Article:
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Apoptosis. 2007 Jan;12(1):155-66.

Combretastatin CA-4 and combretastatin derivative induce mitotic catastrophe dependent on spindle checkpoint and caspase-3 activation in non-small cell lung cancer cells.

Author information

1
Department of Biology, University Roma Tre, V.le Marconi 446, 00146, Rome, Italy.

Abstract

Combretastatin A-4 (CA-4), a natural stilbenoid isolated from Combretum caffrum, is a new vascular targeting agent (VTA) known for its antitumor activity due to its anti-tubulin properties. We investigated the molecular mechanisms leading to cell death in non-small cell lung cancer H460 cells induced by natural (CA-4) and synthetic stilbenoids (ST2151) structurally related to CA-4. We found that both compounds induced depolymerization and rearrangement of spindle microtubules, as well as an increasingly aberrant organization of metaphase chromosomes in a dose- and time-dependent manner. Prolonged exposition to ST2151 led cells to organize multiple sites of tubulin repolymerization, whereas tubulin repolymerization was observed only after CA-4 washout. H460 cells were arrested at a pro-metaphase stage, with condensed chromosomes and a triggered spindle assembly checkpoint, as evaluated by kinetochore localization of Bub1 and Mad1 antibodies. Persistent checkpoint activation led to mitochondrial membrane permeabilization (MMP) alterations, cytochrome c release, activation of caspase-9 and -3, PARP cleavage and DNA fragmentation. On the other hand, caspase-2, and -8 were not activated by the drug treatment. The ability of cells to reassemble tubulin in the presence of an activated checkpoint may be responsible for ST2151-induced multinucleation, a recognized sign of mitotic catastrophe. In conclusion, we believe that discovery of new agents able to trigger mitotic catastrophe cell death as a result of mitotic block and prolonged spindle checkpoint activation is particularly worthwhile, considering that tumor cells have a high proliferative rate and mitotic failure occurs irrespective of p53 status.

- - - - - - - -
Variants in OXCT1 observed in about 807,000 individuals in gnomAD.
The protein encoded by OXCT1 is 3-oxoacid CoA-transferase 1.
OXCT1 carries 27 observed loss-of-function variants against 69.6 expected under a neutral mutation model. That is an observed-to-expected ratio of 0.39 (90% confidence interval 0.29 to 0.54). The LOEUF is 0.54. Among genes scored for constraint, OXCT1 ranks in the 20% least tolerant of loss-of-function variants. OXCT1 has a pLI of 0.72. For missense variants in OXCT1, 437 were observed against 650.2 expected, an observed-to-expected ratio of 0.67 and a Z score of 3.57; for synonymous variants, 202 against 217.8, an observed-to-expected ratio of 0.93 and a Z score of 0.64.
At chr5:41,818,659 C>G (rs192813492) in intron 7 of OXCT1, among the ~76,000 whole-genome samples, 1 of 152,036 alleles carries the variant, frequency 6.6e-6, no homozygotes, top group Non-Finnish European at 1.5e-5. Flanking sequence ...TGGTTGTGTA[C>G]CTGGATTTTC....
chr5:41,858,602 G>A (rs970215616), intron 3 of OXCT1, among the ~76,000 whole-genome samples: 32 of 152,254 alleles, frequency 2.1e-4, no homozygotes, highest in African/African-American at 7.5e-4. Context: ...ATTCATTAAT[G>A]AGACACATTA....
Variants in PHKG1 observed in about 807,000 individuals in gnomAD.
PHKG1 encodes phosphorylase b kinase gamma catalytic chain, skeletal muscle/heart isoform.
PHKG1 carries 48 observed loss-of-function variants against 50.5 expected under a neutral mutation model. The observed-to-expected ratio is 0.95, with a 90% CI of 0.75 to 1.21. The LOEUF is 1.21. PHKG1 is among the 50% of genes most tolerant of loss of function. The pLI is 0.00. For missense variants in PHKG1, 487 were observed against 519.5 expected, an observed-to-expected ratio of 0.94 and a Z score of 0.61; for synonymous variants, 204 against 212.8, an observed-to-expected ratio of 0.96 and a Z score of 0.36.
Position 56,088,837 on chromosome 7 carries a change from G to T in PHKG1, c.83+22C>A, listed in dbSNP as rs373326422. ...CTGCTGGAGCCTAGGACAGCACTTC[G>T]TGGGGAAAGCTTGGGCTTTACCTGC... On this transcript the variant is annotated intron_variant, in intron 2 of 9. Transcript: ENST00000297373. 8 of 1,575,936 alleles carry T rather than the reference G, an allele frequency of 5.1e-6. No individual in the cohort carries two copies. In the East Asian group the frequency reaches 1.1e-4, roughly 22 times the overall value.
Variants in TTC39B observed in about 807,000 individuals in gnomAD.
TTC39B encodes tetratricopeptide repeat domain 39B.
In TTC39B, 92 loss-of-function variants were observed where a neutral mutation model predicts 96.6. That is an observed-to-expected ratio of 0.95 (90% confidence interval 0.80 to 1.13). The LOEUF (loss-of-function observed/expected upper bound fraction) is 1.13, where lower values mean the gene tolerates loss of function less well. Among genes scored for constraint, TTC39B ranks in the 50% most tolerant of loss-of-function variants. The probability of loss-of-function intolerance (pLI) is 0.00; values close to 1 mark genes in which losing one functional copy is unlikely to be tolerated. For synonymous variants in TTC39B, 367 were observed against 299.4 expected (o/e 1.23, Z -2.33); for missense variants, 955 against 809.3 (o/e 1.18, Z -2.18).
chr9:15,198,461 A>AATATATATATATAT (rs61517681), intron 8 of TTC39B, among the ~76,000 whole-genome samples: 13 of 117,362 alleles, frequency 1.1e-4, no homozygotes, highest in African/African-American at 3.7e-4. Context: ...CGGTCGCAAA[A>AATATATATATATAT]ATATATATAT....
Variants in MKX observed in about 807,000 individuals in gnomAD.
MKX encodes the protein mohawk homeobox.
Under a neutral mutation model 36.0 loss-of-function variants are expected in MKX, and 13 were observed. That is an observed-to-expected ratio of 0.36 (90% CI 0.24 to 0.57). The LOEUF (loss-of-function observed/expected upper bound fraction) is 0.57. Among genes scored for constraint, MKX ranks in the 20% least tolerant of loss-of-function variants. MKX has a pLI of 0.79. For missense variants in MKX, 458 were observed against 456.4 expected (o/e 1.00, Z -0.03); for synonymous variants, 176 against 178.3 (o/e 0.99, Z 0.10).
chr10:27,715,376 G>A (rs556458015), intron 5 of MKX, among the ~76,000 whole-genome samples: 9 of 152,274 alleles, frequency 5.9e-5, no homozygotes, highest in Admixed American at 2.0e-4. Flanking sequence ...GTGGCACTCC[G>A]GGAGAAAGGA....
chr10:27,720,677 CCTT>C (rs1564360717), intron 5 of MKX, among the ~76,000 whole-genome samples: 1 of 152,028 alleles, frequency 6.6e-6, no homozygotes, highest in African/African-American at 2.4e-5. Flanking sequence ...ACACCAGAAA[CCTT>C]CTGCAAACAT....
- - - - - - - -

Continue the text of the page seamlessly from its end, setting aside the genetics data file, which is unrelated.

PMID:
17143747
DOI:
10.1007/s10495-006-0491-0
[Indexed for MEDLINE]

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